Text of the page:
This is the sewing machine I inherited from my mum, a Singer, above with its wooden case and below without it.
I have happy memories, sitting side by side with mum, with me turning the crank and her sewing.
My mum was also a knitter, but she loved sewing even more. She sewed many, many dresses, skirts, blouses, trousers, jackets, curtains and other items for her family and home.
I love sewing, too, but am first and foremost a knitter. My daughter is like her grandmother, and sews more than she knits. I have had the old Singer serviced and am passing it on to her, but for the time being it still lives in our house.
One of the reasons I’m writing about this now is that I’ve lost my knitting mojo for a bit and don’t have anything interesting to show you. Another is that I’ve recently re-read The Sewing Machine by Natalie Fergie.
The novel is set in southern Scotland and spans over a century. It starts with the mass strike at the Singer factory in 1911, moves through the 1950s/1960s, briefly visits 1980 and ends in 2016. There are several protagonists. What binds these people together are family ties (with interesting twists) and the fact that sewing machines play an important role in their lives in one way or another.
One of the things I loved about The Sewing Machine, apart from the sympathetic cast of characters, is that it is filled with period details, like descriptions of interiors (especially kitchens), clothing, and what people did for a living. The author must have done an enormous amount of research. This doesn’t make it into a dry history book, though. Not at all! The details are cleverly woven into the fabric of the story.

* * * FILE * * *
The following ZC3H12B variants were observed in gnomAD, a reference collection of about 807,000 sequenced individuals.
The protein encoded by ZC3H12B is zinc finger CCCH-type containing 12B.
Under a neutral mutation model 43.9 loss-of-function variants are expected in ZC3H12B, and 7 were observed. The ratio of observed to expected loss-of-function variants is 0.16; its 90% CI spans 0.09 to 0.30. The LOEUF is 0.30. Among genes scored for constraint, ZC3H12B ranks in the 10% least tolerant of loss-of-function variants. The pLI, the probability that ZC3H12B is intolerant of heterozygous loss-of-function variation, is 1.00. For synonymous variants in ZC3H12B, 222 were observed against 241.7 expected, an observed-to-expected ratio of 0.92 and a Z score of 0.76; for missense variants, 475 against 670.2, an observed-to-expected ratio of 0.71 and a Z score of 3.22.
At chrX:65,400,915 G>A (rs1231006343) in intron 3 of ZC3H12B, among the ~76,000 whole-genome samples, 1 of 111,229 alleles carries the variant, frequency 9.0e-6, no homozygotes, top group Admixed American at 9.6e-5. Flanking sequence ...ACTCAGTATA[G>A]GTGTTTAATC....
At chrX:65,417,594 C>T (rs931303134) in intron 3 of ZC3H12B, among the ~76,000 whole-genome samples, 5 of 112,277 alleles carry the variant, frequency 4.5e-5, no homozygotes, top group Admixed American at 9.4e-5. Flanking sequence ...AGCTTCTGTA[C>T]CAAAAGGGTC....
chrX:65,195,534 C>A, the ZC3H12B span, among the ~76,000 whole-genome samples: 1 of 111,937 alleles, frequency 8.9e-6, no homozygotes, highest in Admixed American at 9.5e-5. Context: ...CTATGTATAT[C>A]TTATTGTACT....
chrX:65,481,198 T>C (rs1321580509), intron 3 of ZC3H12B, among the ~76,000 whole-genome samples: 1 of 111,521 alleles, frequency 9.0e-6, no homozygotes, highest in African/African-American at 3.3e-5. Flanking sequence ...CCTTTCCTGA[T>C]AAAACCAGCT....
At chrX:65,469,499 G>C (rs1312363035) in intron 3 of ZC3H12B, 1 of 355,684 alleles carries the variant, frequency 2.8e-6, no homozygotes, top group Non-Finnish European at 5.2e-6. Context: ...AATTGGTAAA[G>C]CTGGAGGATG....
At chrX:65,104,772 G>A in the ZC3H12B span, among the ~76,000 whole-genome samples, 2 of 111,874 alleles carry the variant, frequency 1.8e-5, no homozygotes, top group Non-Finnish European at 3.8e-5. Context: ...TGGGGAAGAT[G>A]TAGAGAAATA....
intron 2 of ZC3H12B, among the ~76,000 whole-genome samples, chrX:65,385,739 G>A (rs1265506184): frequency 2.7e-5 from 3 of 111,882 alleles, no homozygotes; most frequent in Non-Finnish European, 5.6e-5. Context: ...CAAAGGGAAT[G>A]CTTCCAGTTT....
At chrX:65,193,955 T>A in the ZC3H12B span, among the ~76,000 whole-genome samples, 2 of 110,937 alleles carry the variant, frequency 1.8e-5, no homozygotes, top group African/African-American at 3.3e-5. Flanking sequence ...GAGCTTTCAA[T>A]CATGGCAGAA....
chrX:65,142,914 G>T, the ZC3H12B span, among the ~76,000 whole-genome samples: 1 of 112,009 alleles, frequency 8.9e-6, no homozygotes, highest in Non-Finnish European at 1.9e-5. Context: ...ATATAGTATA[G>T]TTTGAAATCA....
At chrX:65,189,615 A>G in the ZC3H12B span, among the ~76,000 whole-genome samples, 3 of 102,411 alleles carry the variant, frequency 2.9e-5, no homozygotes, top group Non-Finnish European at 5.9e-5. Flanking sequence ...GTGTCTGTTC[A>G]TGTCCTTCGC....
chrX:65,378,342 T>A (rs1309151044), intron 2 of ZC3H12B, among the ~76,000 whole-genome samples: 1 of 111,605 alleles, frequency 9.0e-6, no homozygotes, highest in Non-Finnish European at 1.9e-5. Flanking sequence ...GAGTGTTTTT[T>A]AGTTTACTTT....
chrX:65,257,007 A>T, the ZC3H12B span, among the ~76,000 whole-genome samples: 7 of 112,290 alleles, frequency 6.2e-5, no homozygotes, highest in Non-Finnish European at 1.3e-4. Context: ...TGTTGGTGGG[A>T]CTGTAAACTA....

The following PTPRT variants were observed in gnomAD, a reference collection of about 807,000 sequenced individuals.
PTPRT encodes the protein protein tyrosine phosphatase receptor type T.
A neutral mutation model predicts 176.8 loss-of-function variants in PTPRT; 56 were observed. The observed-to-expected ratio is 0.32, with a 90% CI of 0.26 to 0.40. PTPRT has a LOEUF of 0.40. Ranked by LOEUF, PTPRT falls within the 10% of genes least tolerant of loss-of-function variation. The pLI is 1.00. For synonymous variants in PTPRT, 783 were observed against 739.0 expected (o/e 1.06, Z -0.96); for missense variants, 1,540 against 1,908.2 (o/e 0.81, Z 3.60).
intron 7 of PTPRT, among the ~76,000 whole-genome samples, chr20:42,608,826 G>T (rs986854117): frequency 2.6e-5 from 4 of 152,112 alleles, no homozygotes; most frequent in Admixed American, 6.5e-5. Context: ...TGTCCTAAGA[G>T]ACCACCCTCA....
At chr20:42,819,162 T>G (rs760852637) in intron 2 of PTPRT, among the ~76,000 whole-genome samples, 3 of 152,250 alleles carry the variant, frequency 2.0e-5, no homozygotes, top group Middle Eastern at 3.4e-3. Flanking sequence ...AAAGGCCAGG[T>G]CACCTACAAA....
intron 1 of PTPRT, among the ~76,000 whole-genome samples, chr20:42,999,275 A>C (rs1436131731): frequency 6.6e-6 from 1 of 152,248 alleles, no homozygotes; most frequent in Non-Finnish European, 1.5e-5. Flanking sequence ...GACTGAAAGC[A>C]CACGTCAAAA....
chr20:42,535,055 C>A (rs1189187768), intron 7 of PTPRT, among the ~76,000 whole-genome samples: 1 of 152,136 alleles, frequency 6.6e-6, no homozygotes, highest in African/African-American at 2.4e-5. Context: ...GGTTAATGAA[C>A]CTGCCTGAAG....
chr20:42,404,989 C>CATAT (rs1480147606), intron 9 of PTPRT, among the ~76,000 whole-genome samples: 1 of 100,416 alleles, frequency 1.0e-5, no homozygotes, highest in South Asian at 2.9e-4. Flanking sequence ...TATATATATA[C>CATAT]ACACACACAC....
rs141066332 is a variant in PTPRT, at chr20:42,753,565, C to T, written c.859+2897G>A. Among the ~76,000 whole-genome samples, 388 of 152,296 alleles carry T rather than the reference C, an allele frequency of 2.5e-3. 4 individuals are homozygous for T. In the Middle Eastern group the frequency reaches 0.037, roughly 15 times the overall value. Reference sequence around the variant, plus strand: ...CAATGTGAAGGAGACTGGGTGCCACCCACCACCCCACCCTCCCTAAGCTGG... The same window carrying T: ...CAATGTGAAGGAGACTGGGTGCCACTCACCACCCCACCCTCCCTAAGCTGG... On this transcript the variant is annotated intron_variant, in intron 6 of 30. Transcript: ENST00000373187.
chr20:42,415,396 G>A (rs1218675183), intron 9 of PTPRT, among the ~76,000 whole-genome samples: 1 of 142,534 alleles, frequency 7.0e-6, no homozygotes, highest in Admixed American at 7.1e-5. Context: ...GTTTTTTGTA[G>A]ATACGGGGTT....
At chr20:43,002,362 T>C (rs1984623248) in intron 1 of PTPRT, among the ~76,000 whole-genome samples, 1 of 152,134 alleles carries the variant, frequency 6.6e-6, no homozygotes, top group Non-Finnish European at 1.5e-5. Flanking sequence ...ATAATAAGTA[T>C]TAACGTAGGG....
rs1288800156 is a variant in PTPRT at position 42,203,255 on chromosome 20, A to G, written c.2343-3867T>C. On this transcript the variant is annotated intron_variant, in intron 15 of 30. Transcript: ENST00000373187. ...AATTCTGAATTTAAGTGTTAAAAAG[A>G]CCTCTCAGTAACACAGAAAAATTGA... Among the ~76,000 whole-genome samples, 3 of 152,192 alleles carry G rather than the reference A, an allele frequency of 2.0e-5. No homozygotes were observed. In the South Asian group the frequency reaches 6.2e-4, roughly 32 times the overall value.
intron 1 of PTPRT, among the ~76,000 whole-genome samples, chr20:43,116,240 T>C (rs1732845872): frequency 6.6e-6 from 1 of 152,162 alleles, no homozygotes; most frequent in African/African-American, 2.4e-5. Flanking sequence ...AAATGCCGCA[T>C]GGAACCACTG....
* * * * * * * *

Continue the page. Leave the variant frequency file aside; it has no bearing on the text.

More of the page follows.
If you love sewing, I think you’ll enjoy reading The Sewing Machine. I certainly have. And it wasn’t just a great read – it also made me look up the serial number of my mum’s sewing machine: H 957 200.
I’d never thought of doing that before. I know that my mum bought it in the late 1950s or early 1960s, and had always just assumed that it was from that period. Turns out it is from 1906!!! I could have known that she would never have bought a new one, but that it was so old – I had no idea!
My own sewing machine is a modern one…
… with extra feet for various purposes, lots of different stitches and three buttonhole options.
It can do far more and is much faster than my mum’s old machine. But I wonder if it will still be sewing in 116 years’ time. For me, my mum’s old Singer will always remain THE sewing machine.
I know that many of you are knitters, but do you sew, too? What type of machine do you have? What do you do with it: sew clothes or other things, embroider, quilt? Do you have special sewing-machine related memories you’d like to share? I’d love to hear them!
If you happen to have an old Singer sewing machine, too, and would like to find out how old it is, there is a list of serial numbers on the website of the International Sewing Machine Collectors’ Society here. If you have a different brand, visiting the website of the ISMACS may be worthwhile, too – it contains loads of interesting information.